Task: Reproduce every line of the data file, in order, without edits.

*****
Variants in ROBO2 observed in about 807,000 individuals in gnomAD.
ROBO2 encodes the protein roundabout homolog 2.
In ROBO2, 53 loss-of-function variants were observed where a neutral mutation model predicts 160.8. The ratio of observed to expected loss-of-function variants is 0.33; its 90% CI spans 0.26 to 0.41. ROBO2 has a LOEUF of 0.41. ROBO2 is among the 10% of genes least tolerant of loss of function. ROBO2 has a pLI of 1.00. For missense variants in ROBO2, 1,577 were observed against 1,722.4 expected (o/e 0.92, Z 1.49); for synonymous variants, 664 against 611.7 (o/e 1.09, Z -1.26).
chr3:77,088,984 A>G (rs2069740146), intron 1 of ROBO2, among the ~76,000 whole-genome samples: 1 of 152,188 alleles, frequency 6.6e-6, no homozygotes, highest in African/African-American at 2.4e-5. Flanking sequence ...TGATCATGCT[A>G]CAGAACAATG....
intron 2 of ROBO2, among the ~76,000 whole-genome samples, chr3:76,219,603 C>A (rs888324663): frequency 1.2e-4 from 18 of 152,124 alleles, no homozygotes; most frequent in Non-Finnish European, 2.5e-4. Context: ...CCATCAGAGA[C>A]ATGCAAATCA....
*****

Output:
Variants in ROBO2 observed in about 807,000 individuals in gnomAD.
ROBO2 encodes the protein roundabout homolog 2.
In ROBO2, 53 loss-of-function variants were observed where a neutral mutation model predicts 160.8. The ratio of observed to expected loss-of-function variants is 0.33; its 90% CI spans 0.26 to 0.41. ROBO2 has a LOEUF of 0.41. ROBO2 is among the 10% of genes least tolerant of loss of function. ROBO2 has a pLI of 1.00. For missense variants in ROBO2, 1,577 were observed against 1,722.4 expected (o/e 0.92, Z 1.49); for synonymous variants, 664 against 611.7 (o/e 1.09, Z -1.26).
chr3:77,088,984 A>G (rs2069740146), intron 1 of ROBO2, among the ~76,000 whole-genome samples: 1 of 152,188 alleles, frequency 6.6e-6, no homozygotes, highest in African/African-American at 2.4e-5. Flanking sequence ...TGATCATGCT[A>G]CAGAACAATG....
intron 2 of ROBO2, among the ~76,000 whole-genome samples, chr3:76,219,603 C>A (rs888324663): frequency 1.2e-4 from 18 of 152,124 alleles, no homozygotes; most frequent in Non-Finnish European, 2.5e-4. Context: ...CCATCAGAGA[C>A]ATGCAAATCA....